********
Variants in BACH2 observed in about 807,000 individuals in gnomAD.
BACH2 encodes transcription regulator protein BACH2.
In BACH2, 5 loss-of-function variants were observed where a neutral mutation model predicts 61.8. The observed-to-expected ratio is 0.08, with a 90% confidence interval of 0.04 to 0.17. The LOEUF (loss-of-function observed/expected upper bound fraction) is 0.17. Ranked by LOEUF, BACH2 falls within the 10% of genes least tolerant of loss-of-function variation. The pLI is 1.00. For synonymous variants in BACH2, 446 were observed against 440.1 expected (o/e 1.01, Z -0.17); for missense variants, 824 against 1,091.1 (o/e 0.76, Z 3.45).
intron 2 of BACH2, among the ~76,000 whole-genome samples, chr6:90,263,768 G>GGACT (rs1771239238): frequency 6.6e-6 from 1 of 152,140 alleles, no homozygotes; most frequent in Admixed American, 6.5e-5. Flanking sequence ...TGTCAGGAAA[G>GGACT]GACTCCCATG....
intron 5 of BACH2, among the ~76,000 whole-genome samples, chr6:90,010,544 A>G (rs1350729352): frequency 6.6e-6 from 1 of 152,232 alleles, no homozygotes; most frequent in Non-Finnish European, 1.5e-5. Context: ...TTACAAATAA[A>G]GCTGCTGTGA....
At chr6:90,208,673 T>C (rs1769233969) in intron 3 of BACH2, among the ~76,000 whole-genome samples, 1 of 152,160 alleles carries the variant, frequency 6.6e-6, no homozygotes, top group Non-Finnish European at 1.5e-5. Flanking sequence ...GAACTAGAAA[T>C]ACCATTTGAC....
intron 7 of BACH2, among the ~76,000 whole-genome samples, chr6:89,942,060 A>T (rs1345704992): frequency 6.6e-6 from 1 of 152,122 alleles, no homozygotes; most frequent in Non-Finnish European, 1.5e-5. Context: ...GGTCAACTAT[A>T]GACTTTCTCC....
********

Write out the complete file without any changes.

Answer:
Variants in BACH2 observed in about 807,000 individuals in gnomAD.
BACH2 encodes transcription regulator protein BACH2.
In BACH2, 5 loss-of-function variants were observed where a neutral mutation model predicts 61.8. The observed-to-expected ratio is 0.08, with a 90% confidence interval of 0.04 to 0.17. The LOEUF (loss-of-function observed/expected upper bound fraction) is 0.17. Ranked by LOEUF, BACH2 falls within the 10% of genes least tolerant of loss-of-function variation. The pLI is 1.00. For synonymous variants in BACH2, 446 were observed against 440.1 expected (o/e 1.01, Z -0.17); for missense variants, 824 against 1,091.1 (o/e 0.76, Z 3.45).
intron 2 of BACH2, among the ~76,000 whole-genome samples, chr6:90,263,768 G>GGACT (rs1771239238): frequency 6.6e-6 from 1 of 152,140 alleles, no homozygotes; most frequent in Admixed American, 6.5e-5. Flanking sequence ...TGTCAGGAAA[G>GGACT]GACTCCCATG....
intron 5 of BACH2, among the ~76,000 whole-genome samples, chr6:90,010,544 A>G (rs1350729352): frequency 6.6e-6 from 1 of 152,232 alleles, no homozygotes; most frequent in Non-Finnish European, 1.5e-5. Context: ...TTACAAATAA[A>G]GCTGCTGTGA....
At chr6:90,208,673 T>C (rs1769233969) in intron 3 of BACH2, among the ~76,000 whole-genome samples, 1 of 152,160 alleles carries the variant, frequency 6.6e-6, no homozygotes, top group Non-Finnish European at 1.5e-5. Flanking sequence ...GAACTAGAAA[T>C]ACCATTTGAC....
intron 7 of BACH2, among the ~76,000 whole-genome samples, chr6:89,942,060 A>T (rs1345704992): frequency 6.6e-6 from 1 of 152,122 alleles, no homozygotes; most frequent in Non-Finnish European, 1.5e-5. Context: ...GGTCAACTAT[A>T]GACTTTCTCC....